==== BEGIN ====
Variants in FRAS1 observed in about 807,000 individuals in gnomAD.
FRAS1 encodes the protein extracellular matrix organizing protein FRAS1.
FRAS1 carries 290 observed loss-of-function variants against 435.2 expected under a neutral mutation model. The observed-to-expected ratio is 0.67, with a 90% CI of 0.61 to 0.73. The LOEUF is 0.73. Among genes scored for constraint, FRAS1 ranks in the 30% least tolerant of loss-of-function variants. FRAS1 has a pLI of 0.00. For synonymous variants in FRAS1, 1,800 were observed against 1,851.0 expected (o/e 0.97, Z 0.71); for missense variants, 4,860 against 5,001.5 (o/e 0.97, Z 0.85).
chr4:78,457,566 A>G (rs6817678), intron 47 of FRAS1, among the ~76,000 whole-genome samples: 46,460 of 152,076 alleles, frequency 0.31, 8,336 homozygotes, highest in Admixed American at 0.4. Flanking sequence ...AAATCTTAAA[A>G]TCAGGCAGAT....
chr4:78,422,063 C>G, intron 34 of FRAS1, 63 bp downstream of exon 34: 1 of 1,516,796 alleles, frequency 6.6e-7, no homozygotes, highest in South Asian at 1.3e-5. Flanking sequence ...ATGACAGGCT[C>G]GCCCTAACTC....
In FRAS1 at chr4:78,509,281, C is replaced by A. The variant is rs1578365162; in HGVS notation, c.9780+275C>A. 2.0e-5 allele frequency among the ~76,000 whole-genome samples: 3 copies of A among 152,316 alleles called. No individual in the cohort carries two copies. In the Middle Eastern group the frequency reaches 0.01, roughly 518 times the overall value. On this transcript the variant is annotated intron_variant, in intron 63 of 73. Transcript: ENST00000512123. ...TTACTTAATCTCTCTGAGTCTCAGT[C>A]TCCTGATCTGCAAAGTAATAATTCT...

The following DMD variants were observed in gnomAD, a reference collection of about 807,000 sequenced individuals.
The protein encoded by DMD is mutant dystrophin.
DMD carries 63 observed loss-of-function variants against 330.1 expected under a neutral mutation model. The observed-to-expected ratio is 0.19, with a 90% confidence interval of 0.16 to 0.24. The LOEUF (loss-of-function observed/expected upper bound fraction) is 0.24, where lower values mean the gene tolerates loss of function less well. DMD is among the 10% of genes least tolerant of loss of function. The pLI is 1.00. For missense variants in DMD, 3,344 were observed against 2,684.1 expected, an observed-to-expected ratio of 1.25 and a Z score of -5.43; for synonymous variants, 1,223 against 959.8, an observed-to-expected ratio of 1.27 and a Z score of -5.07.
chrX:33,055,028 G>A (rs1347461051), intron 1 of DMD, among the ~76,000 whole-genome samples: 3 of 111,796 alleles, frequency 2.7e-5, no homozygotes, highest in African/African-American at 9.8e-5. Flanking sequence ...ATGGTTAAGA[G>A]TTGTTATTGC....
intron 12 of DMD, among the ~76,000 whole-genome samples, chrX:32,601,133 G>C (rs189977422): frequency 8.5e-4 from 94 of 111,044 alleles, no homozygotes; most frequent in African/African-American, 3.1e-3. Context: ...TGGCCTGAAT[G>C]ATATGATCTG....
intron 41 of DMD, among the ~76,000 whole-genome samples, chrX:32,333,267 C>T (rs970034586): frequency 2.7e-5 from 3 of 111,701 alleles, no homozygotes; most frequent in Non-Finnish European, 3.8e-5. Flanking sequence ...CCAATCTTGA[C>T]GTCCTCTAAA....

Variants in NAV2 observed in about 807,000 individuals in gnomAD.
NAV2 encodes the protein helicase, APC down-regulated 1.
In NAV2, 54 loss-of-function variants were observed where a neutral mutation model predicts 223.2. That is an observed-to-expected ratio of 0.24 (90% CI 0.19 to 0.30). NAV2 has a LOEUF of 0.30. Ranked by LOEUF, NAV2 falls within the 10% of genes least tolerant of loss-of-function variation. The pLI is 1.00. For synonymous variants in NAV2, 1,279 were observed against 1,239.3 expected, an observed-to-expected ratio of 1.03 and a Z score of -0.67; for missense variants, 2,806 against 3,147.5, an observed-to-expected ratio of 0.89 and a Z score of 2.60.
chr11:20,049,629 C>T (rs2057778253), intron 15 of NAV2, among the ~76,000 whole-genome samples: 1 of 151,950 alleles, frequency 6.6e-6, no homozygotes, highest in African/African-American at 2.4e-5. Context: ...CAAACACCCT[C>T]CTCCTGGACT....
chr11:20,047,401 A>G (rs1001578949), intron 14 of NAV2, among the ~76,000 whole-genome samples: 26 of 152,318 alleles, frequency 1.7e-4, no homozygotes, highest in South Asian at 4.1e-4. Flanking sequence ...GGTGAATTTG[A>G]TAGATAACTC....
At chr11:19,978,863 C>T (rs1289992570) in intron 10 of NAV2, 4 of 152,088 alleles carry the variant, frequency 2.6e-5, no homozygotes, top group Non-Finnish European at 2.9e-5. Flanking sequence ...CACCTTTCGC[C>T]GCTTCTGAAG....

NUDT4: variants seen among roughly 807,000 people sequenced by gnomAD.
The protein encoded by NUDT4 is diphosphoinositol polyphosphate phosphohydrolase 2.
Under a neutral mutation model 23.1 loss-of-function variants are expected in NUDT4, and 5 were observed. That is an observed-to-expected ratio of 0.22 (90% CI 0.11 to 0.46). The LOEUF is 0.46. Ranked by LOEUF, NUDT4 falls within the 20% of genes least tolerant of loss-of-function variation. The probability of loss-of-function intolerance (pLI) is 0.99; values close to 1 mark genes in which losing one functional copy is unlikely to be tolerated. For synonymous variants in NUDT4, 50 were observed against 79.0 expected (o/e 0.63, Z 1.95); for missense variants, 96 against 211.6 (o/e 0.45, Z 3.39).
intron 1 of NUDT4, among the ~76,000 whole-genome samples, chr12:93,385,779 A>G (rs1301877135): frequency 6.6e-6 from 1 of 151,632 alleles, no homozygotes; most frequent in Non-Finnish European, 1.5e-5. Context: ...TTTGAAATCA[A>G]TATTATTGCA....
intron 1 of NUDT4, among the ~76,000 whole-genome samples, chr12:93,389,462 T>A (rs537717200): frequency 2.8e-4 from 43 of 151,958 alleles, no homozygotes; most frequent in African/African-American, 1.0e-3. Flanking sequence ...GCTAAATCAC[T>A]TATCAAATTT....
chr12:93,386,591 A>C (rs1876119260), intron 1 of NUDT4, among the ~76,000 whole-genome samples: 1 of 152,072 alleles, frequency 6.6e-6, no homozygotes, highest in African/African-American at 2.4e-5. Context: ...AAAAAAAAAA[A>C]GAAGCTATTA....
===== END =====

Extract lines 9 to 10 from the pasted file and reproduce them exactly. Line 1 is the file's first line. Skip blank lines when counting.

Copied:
DMD carries 63 observed loss-of-function variants against 330.1 expected under a neutral mutation model. The observed-to-expected ratio is 0.19, with a 90% confidence interval of 0.16 to 0.24. The LOEUF (loss-of-function observed/expected upper bound fraction) is 0.24, where lower values mean the gene tolerates loss of function less well. DMD is among the 10% of genes least tolerant of loss of function. The pLI is 1.00. For missense variants in DMD, 3,344 were observed against 2,684.1 expected, an observed-to-expected ratio of 1.25 and a Z score of -5.43; for synonymous variants, 1,223 against 959.8, an observed-to-expected ratio of 1.27 and a Z score of -5.07.
chrX:33,055,028 G>A (rs1347461051), intron 1 of DMD, among the ~76,000 whole-genome samples: 3 of 111,796 alleles, frequency 2.7e-5, no homozygotes, highest in African/African-American at 9.8e-5. Flanking sequence ...ATGGTTAAGA[G>A]TTGTTATTGC....